Cary’s classic column from TUESDAY, APR 6, 2004
She’s not a bad person, but I resent how she imposes herself on our lives.
I’ve noticed that often your advice doesn’t come in the form of a specific answer to a specific problem. The advice you give tends to come in the form of a philosophy that transforms the problem into something acceptable and less overwhelming than it was before. I need a new way to see my mother-in-law before I am consumed with exhaustion and resentment.
My mother-in-law is not a bad person. She has a good heart buried under insecurities and self-centered behavior from a dysfunctional childhood with an alcoholic mother and a father who never thought she was good enough. She has spent years in therapy and reading self-help books to become a more secure person, and in many ways she has succeeded. She raised a son whom I love very much, and she has a circle of friends she is devoted to.
While I can recognize that she is a good person, and acknowledge that she has had to overcome a great deal in her life, I resent how her struggle has imposed itself on me. She needs to control everything to feel safe. She is constantly trying to control me and my husband. She intrudes into our personal business, she makes frequent and unreasonable demands on our time, she sabotages our plans so that my husband will be available to her when he is supposed to be elsewhere, and she has questioned every decision she has ever seen us make.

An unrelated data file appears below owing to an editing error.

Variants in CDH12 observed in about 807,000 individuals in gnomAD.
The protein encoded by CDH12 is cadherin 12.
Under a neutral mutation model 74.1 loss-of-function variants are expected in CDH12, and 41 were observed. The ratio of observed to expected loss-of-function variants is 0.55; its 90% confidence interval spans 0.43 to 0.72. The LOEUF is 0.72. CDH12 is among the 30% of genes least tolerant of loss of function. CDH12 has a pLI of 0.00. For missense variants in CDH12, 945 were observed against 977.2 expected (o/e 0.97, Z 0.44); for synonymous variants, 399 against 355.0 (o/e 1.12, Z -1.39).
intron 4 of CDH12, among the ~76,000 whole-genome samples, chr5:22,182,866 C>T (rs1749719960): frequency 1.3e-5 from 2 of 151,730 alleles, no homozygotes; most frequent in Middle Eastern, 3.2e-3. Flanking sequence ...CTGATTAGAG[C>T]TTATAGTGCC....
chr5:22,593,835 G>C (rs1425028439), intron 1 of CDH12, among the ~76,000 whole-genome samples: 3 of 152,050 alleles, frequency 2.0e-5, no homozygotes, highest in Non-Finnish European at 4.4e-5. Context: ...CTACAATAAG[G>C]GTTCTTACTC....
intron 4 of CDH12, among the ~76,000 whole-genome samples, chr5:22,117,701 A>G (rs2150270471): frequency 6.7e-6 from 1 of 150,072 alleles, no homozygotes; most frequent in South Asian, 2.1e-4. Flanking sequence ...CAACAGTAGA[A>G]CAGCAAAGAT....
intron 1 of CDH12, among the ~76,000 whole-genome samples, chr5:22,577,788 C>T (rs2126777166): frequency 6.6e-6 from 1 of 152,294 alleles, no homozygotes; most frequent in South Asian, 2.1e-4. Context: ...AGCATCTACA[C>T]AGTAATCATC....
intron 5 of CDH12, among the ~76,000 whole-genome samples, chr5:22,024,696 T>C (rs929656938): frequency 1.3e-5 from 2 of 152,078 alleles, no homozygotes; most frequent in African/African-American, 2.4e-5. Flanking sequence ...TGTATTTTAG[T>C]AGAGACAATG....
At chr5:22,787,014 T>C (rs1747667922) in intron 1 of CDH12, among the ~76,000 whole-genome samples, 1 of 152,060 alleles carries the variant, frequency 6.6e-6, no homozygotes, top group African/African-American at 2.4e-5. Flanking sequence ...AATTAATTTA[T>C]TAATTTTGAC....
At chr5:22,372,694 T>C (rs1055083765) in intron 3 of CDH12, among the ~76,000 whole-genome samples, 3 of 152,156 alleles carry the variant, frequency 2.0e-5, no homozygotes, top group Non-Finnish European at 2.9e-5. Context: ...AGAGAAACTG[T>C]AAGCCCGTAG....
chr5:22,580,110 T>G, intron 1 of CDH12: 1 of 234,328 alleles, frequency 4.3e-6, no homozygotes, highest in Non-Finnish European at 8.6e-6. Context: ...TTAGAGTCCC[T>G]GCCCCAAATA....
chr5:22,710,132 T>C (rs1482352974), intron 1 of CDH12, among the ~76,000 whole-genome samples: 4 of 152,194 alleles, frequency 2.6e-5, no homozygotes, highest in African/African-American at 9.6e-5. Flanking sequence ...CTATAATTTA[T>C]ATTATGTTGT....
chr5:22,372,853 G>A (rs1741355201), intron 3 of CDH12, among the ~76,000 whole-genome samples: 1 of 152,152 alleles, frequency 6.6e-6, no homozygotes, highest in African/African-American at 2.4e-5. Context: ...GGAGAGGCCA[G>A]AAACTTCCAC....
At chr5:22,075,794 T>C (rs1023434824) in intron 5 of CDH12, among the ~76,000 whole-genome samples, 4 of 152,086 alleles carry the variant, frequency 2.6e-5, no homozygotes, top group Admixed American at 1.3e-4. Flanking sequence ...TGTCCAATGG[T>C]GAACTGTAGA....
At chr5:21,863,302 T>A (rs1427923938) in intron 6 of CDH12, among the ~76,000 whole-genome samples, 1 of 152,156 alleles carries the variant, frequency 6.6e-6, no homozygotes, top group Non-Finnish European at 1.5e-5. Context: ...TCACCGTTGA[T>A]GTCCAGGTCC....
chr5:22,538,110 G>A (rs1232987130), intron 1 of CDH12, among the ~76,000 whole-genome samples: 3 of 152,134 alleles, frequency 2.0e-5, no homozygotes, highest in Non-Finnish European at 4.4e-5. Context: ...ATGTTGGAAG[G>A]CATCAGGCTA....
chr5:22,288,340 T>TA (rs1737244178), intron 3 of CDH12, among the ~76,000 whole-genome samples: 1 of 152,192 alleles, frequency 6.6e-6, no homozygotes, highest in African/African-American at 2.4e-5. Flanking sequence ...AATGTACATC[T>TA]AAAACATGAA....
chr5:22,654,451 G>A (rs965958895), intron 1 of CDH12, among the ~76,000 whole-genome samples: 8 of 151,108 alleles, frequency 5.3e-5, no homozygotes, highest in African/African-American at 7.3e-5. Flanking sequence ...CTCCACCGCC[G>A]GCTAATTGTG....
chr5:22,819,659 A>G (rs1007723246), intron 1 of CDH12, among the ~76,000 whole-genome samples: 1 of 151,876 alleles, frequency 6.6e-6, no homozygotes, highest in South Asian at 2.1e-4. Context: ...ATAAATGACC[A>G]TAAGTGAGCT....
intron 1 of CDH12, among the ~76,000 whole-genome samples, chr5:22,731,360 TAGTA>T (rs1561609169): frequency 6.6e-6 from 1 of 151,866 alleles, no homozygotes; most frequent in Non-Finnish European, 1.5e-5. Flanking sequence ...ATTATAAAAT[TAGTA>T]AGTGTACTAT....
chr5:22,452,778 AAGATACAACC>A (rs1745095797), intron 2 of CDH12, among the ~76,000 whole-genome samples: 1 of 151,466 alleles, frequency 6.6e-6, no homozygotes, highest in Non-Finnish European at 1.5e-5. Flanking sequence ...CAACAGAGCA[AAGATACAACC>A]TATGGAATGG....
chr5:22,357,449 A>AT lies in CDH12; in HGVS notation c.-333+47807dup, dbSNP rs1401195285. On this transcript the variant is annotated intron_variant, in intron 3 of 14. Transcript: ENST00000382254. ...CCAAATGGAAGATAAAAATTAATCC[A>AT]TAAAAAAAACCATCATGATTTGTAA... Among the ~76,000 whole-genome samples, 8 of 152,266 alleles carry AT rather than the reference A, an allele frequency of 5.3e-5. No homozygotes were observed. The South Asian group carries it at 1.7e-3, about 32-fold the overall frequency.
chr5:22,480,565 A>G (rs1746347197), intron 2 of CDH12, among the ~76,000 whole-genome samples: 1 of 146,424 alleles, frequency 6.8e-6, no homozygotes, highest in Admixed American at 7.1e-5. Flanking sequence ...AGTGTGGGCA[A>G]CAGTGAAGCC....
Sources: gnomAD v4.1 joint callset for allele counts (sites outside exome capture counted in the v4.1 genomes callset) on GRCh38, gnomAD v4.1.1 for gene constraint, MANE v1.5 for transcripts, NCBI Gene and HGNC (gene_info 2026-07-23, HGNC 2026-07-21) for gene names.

Over the years, I’ve learned to deal with her to a degree. I’ve learned how to protect my privacy around her, how to avoid some of her more relentless manipulation and why she is acting the way she does. I have sympathy for what it must be like to be her. Most important, I’ve learned that I’m not going to be able to change her behavior, and I can only adjust how I react to it.
But now I resent her. I resent the amount of energy it takes to be around her. I resent that she comes into my home and that I have to be nice to her because she is my husband’s mother and my daughter’s grandmother. I resent always having to be the bigger person when we have a conflict because she can’t deal with not getting her way.
I have a hard time looking at her when she visits us. I feel resentful when she calls on the phone, when she comes up in conversation and every time I think about her. When she is around, I feel myself becoming withdrawn, sullen and angry. I can feel this resentment choked down in my chest like a hard knot or poison. I don’t think it is good for me. I think it makes me less of a person.